Woda thought parents, instead of depending on the law, would want tools to track what their kids are up to online. Closely related to the sexting scare have been news reports of teens committing suicide after “cyberbullies” revealed embarrassing details about them online. Woda had already worked in the world of online safety when he started buySAFE in 2000, a company that certifies online merchants and guarantees transactions so customers don’t have to fear fraud. Since June, Woda and a small team have been working on KidSafe, which he hopes to launch as both an online program and mobile application in early 2010. KidSafe, which is currently in beta testing, looks like the phone bill that parents wish they had. When the parent logs in to the program, KidSafe displays who texts or calls their child most often, mines publicly available information in order to identify those people, shows if the kid is texting or calling more frequently than the national average, and flags text messages that might contain suspicious words, like references to sex or drugs. A database of more than 10,000 instances of textspeak and emoticons identifies code words that might confound parents. The number eight, for example, is commonly used in text messages as a stand-in for oral sex, says Woda. He is also working to link the program to social networking sites so it can display similar data about how much time a child is spending on sites like Facebook and if he or is she is receiving suspicious messages there.
But KidSafe can access the sensitive information on a phone or social networking account only if the parent can access the phone and install the KidSafe application or provide the user name and password for a Facebook account. More mature teenagers with their own disposable income could easily evade the program. “The parent of the 15- or 16-year-old is not the perfect customer. It’s the parent of the child who is saying, ‘Can I get a phone?'” says Woda. The parent then could strike a deal with the child—he or she only gets the phone if it contains KidSafe.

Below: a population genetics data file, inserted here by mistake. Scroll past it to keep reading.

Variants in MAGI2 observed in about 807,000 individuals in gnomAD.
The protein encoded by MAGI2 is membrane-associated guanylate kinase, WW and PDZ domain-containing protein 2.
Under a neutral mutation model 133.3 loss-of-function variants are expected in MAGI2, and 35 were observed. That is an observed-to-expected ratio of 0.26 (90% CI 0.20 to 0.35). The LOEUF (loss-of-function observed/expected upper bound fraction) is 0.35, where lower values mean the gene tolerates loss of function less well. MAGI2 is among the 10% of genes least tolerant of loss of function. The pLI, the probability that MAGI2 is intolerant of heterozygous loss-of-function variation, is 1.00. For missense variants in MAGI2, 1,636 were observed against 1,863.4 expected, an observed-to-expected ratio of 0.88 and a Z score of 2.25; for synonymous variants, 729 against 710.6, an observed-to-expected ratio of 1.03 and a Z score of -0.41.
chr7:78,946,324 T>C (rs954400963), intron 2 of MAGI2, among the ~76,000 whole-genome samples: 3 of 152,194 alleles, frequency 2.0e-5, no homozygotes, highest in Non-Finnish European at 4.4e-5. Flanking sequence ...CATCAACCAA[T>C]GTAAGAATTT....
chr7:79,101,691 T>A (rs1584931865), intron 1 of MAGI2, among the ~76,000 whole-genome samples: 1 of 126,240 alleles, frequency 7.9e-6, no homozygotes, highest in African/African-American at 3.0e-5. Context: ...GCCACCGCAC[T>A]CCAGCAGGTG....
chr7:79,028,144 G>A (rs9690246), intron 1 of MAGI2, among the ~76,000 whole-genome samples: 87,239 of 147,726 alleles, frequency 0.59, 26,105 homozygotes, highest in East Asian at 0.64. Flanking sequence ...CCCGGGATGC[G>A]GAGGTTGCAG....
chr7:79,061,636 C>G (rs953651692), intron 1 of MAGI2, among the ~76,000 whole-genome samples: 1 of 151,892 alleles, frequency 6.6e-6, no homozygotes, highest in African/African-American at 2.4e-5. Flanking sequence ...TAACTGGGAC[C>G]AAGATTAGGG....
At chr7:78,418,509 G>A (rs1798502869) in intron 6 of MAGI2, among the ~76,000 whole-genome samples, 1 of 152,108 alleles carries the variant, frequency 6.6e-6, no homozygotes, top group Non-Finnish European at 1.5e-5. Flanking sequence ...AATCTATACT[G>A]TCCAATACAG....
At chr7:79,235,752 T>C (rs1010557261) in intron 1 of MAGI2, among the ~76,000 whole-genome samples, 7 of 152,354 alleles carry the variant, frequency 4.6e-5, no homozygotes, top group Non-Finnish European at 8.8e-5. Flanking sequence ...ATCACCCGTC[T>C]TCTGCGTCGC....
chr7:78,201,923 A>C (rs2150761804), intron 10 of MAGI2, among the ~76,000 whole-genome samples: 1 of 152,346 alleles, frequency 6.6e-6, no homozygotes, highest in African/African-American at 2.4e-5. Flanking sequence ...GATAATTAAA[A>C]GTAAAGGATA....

Woda concedes that kids are often more tech-savvy than their parents, so no tool can provide perfect oversight. But parents’ concern over sexting, cyberbullying, and other online threats is driving businesses to improve protection. Several other start-ups are now competing to offer products to help parents keep tabs on their kids. SafetyWeb, in the process of being launched by Mike Clark, a former executive at Photobucket, is a website that will scour the Web to find any trouble a child or teenager may have gotten into online, such as friending a sex offender or cyberbullying classmates. SafetyWeb recently raised money from venture capital firm Battery Ventures. Woda says his team is trying to a develop a system for KidSafe that could similarly search for potential threats in publicly available information. Some companies claim to have those tools in place already. ReputationDefender is a Silicon Valley-based company started in 2006 whose services include finding and destroying “inaccurate, inappropriate, hurtful, and slanderous information” online. Its MyChild product claims to defend a child or teen’s online reputation for $14.95 a month.
The difficulty for these businesses is similar to the difficulties facing parents. It’s a challenge to keep up with kids who are finding new websites and developing new lingo all the time. “The way kids are communicating is changing faster than the market can adapt,” says Woda.
Reprint from U.S. News & World Report, by Matthew Bandyk
Tim Woda is a passionate advocate for protecting children from today’s scariest digital dangers – cyberbullying, sexting and predators. He co-founded KidSafe, is the author of Keeping Kids Safe: A Guide for Parents of Social and Mobile Children and is a frequent public speaker on the topic.